Unfortunately, the above title is not only a great DVD, but also the best way to describe the sad state of affairs known as Auburn football. It’s the same story in a different year- the offense is one of the worst in football and Tommy Tuberville is on the hot seat. While rationale people could reasonably disagree about what should be done with Tubs, I herby argue it’s too early to make a final determination at this point in the season and he should be given until the end of the season before any final decisions are made.
No matter how one feels about the current situation one thing is for sure, Auburn must show signs of improvements this season for Tuberville to keep his job. While I do not agree with that premise, it appears to be the reality of the situation. The Auburn offense has been in a steady state of decline for several years. The past five seasons the offense has had the following ranking nationally in total offense- 25th, 37th, 76th, 97th, and this year 104th.
Tuberville obviously realized the decline and that is why he chose to use the spread offense this season. However, no matter what type of offense a team runs, a coach should be willing to adjust to the players and talent he has. It is obvious this is not happening at Auburn. Otherwise, Auburn would be running the ball out of the I-formation and throwing the ball down the field using play action pass. Maybe some spread could be thrown in there, but the team strength is obviously not the passing game which the spread requires plenty of to be successful.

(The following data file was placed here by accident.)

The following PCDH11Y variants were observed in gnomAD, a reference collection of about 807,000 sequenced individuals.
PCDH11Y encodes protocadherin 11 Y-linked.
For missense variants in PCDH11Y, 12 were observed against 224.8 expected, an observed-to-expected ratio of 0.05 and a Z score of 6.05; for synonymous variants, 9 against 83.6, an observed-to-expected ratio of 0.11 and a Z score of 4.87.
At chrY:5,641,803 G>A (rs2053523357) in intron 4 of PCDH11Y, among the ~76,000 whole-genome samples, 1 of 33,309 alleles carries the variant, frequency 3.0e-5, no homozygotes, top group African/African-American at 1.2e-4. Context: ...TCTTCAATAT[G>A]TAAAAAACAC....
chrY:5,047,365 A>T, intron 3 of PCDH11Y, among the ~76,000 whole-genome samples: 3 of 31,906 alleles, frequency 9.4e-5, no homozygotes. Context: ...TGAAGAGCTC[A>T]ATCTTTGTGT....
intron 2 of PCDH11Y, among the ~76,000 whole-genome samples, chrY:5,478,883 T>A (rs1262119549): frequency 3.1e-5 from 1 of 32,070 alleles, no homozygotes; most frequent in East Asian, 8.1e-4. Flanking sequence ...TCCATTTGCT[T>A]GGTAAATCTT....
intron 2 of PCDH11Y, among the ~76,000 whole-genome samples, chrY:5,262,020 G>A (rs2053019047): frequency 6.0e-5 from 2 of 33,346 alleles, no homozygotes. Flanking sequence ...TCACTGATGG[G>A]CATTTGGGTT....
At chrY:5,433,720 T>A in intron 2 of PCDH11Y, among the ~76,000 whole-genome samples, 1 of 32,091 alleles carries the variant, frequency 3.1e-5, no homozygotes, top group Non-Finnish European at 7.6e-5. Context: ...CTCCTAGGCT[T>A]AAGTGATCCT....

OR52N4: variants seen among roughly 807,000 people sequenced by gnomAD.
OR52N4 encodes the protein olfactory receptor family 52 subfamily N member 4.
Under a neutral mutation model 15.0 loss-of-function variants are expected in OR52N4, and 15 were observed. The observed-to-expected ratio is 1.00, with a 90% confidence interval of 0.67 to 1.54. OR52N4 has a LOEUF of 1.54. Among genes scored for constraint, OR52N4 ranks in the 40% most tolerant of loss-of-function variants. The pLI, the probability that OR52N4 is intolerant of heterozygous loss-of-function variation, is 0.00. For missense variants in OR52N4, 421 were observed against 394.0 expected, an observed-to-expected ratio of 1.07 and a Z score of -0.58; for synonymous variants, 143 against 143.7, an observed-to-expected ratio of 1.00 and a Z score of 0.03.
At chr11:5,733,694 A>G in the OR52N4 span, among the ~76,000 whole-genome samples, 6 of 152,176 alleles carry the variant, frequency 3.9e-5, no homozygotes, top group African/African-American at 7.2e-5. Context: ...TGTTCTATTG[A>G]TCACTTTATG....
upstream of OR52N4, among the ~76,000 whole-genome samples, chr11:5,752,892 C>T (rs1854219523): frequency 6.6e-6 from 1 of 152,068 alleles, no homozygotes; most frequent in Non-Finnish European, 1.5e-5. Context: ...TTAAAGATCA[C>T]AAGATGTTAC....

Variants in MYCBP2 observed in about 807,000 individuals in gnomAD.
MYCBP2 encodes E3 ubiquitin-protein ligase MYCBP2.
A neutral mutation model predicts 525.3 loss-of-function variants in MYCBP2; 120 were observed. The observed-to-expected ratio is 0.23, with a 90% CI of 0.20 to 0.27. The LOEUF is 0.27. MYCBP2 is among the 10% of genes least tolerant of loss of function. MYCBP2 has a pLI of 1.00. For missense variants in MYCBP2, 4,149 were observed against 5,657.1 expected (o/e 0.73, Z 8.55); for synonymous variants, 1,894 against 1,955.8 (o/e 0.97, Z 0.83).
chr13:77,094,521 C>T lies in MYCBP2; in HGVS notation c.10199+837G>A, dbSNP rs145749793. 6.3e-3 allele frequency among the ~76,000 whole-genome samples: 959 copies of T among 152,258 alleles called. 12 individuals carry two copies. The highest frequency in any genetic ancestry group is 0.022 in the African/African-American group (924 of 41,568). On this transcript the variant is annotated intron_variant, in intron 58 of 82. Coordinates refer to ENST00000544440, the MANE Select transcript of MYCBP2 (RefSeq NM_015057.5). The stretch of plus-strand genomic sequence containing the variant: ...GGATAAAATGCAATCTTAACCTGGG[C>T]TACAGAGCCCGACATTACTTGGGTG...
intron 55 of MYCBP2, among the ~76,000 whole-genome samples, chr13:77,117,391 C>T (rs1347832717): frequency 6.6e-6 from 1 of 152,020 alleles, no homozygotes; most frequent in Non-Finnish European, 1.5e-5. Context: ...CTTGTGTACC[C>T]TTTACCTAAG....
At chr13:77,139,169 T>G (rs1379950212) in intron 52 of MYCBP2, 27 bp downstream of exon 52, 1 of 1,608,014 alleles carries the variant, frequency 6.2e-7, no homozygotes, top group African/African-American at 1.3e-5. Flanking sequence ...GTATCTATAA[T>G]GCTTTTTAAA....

Tommy Tuberville has earned himself the right to coach his way out of the current mess he is in. I believe he must do the following things to be successful:
(1) Move the QB back under center and maximize the talent that is currently on the team. With Auburn entering a bye week, the team should have enough time to implement a new offense.
(2) Bench Chris Todd until he is healthy enough to play his best.
(3) Bring in several new offensive coaches for the 2009 season.
If he refuses to make any adjustments and the offense continues to falter then a change should be made. One way or the other, it’s much too early to make a final decision on the fate of Tubs at this point in the season. To further complicate matters, if Tubs were fired this season he would be owed a buyout of 6 million. So, not only would Auburn have to pay 6 million to Tuberville, they would also have to pay a new coach.
Any decent coach would run around at around 2 million. I'm not sure it's equitable to get rid of any coach when your program would have to come up with at least 8 million dollars in a matter of months. Let’s see what he does against the toughest and most important part of the schedule, "Amen Corner." I wouldn't count him out just yet.